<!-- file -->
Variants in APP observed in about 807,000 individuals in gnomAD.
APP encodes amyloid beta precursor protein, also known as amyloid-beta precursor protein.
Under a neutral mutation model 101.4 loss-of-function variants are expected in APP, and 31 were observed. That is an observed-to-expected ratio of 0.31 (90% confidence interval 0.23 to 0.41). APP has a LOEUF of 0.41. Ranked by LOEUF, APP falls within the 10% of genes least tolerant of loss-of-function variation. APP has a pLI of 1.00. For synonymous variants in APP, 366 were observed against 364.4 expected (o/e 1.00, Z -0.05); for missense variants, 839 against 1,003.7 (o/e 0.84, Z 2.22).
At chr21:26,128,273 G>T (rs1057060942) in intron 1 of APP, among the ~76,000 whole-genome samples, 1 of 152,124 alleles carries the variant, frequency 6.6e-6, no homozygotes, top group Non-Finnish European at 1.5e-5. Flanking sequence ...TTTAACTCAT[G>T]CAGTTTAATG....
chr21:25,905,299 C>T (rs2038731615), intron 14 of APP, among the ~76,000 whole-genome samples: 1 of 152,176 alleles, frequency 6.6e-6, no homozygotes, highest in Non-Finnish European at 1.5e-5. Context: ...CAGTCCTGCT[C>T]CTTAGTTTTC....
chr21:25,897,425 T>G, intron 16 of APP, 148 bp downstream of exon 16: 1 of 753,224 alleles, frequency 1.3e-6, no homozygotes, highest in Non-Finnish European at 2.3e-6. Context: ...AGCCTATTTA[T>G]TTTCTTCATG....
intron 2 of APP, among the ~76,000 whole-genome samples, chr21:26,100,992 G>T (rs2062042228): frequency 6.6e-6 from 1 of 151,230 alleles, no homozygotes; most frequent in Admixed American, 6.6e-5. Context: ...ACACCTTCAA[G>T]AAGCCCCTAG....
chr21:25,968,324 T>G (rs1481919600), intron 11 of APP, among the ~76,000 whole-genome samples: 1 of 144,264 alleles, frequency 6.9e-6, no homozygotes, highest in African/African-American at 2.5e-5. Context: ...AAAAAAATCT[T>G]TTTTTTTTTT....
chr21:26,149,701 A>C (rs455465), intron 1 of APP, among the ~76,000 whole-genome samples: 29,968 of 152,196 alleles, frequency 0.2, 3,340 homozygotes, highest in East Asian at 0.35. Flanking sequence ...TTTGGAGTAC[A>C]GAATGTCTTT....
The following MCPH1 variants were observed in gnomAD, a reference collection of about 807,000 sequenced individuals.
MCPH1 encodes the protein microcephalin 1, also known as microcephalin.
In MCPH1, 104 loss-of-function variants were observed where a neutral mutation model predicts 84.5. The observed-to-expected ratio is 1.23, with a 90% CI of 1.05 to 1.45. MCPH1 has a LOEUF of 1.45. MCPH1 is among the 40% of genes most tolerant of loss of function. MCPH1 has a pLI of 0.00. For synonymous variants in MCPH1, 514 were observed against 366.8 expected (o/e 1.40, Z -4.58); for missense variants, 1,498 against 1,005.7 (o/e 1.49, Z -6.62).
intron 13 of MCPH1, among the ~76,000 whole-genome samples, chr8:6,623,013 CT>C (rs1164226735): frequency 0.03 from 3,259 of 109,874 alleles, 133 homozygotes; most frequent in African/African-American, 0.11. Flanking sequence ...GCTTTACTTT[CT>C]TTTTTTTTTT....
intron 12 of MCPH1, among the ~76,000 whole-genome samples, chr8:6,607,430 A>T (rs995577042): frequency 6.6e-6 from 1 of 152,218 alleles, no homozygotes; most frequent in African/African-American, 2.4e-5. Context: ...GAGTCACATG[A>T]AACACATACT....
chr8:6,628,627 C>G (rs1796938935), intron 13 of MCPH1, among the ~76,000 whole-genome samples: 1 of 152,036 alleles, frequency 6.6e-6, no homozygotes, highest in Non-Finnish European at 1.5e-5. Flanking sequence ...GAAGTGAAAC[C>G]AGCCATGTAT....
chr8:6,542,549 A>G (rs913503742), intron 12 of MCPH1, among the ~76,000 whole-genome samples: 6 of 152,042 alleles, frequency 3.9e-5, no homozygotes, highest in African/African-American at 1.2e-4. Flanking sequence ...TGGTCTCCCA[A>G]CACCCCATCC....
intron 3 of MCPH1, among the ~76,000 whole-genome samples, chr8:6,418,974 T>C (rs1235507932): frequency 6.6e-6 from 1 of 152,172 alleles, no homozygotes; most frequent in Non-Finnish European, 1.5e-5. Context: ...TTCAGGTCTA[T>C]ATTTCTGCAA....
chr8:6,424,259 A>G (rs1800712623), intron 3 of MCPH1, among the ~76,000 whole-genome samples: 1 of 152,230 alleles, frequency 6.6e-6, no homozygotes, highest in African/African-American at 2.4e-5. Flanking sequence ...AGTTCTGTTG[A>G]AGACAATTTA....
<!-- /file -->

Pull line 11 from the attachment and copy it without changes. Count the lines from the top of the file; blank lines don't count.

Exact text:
MCPH1 encodes the protein microcephalin 1, also known as microcephalin.